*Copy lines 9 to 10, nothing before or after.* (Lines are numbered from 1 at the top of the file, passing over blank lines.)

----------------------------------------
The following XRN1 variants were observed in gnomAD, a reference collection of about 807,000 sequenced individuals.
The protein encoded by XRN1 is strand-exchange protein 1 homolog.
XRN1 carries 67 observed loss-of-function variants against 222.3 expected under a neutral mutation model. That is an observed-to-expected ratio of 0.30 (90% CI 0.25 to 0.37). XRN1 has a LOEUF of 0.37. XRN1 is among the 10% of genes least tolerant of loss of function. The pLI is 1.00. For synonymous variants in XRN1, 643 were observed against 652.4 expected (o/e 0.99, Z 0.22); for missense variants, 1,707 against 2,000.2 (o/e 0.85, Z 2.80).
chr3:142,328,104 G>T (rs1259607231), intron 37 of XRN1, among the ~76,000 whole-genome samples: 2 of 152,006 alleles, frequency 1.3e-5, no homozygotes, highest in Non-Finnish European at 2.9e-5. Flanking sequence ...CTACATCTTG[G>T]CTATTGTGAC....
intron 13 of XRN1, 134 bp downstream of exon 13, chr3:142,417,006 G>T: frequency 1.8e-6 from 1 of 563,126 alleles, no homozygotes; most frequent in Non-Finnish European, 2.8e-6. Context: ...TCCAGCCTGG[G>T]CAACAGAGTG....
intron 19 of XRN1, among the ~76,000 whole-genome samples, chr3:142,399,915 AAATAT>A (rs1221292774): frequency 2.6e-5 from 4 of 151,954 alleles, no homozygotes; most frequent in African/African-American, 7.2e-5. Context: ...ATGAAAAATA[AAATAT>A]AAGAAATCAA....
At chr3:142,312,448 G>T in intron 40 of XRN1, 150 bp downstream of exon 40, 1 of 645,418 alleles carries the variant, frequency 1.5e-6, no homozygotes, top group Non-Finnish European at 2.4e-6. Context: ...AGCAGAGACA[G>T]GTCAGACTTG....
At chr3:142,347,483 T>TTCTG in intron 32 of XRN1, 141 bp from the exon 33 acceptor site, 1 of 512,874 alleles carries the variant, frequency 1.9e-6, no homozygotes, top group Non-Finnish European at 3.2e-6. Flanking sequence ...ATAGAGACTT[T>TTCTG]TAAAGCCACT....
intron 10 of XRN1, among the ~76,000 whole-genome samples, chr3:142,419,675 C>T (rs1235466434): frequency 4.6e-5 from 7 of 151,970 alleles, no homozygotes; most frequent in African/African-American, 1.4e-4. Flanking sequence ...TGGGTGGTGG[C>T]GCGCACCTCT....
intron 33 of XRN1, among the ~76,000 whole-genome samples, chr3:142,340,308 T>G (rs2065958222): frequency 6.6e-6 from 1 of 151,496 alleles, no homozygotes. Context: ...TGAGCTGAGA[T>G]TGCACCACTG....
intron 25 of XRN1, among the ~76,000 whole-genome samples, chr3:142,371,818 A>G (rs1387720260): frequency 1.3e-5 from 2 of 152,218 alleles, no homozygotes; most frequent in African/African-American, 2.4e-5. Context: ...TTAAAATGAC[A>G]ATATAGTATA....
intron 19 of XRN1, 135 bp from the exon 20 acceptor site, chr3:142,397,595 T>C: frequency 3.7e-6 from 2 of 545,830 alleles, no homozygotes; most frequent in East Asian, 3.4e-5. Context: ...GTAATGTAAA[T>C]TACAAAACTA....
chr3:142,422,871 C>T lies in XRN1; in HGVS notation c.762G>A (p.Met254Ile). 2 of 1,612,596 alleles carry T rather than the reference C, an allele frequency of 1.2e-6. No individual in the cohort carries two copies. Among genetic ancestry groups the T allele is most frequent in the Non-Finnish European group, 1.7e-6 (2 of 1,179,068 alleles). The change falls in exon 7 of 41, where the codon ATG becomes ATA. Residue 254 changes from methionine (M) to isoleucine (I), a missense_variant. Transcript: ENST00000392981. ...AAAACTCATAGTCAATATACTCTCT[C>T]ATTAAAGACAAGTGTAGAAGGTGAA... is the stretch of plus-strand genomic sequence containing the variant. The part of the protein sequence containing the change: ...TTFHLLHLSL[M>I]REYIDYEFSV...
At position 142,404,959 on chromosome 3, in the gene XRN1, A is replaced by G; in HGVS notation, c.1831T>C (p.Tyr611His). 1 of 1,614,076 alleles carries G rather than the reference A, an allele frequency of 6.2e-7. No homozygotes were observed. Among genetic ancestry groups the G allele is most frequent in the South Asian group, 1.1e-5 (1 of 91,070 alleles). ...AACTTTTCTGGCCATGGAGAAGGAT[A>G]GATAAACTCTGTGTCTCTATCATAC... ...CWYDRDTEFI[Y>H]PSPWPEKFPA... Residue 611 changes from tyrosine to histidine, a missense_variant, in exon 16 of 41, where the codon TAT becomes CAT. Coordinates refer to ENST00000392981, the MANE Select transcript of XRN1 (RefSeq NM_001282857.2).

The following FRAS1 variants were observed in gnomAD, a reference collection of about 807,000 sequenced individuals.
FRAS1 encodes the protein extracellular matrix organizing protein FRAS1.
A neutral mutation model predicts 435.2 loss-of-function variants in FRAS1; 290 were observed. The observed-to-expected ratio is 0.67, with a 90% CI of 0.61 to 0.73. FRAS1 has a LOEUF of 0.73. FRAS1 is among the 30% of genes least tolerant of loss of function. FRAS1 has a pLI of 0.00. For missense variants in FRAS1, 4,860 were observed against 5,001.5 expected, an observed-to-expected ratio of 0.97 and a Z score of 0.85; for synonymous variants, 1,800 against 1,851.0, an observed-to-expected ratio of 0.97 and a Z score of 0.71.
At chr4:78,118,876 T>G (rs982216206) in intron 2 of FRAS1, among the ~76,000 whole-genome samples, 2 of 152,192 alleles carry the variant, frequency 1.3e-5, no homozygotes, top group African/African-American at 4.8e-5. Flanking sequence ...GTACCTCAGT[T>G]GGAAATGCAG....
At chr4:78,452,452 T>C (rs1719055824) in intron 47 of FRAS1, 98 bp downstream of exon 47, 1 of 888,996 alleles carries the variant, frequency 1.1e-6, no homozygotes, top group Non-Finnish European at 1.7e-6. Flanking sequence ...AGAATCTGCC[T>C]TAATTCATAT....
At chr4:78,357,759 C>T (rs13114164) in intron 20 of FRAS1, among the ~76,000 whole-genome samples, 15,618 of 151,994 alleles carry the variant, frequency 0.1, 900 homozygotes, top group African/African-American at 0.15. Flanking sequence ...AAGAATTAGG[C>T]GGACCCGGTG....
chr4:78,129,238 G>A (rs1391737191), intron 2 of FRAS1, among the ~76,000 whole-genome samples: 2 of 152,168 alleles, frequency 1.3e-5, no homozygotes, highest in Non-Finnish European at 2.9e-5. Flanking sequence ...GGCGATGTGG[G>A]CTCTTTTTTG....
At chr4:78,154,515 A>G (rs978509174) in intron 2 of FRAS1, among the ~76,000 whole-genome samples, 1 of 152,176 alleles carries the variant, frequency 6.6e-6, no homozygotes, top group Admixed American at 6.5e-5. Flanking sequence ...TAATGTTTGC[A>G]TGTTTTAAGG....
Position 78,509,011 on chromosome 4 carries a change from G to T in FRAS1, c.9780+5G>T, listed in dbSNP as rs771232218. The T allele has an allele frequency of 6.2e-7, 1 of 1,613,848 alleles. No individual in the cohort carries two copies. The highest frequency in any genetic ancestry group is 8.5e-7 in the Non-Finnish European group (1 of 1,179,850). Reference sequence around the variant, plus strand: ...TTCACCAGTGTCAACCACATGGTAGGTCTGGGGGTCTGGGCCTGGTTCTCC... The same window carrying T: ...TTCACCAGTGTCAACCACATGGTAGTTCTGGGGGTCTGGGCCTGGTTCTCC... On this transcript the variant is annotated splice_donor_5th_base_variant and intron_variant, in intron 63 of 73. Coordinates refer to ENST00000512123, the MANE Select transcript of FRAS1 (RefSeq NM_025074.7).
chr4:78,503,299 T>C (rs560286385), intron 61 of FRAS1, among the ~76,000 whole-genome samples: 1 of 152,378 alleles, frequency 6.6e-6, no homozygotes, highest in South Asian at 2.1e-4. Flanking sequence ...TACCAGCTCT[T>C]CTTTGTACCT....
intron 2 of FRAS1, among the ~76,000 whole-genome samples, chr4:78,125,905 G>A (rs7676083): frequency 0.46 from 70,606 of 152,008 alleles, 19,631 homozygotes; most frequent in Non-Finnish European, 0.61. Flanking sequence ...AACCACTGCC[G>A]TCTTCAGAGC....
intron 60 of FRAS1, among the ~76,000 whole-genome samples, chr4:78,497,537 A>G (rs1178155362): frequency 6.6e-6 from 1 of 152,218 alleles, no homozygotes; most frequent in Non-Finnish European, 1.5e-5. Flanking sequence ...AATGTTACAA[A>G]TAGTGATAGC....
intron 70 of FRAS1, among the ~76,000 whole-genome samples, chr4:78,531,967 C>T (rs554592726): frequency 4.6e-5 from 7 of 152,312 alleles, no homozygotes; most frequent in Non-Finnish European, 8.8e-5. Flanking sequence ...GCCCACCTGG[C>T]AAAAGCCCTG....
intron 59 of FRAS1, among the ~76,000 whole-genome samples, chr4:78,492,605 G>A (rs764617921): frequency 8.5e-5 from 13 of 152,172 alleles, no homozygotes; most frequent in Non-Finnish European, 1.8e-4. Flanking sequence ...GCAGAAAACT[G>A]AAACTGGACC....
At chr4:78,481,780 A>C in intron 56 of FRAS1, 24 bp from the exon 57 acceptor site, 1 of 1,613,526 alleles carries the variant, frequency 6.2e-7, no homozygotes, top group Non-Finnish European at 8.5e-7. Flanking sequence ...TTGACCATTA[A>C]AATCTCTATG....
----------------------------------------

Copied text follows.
intron 10 of XRN1, among the ~76,000 whole-genome samples, chr3:142,419,675 C>T (rs1235466434): frequency 4.6e-5 from 7 of 151,970 alleles, no homozygotes; most frequent in African/African-American, 1.4e-4. Flanking sequence ...TGGGTGGTGG[C>T]GCGCACCTCT....
intron 33 of XRN1, among the ~76,000 whole-genome samples, chr3:142,340,308 T>G (rs2065958222): frequency 6.6e-6 from 1 of 151,496 alleles, no homozygotes. Context: ...TGAGCTGAGA[T>G]TGCACCACTG....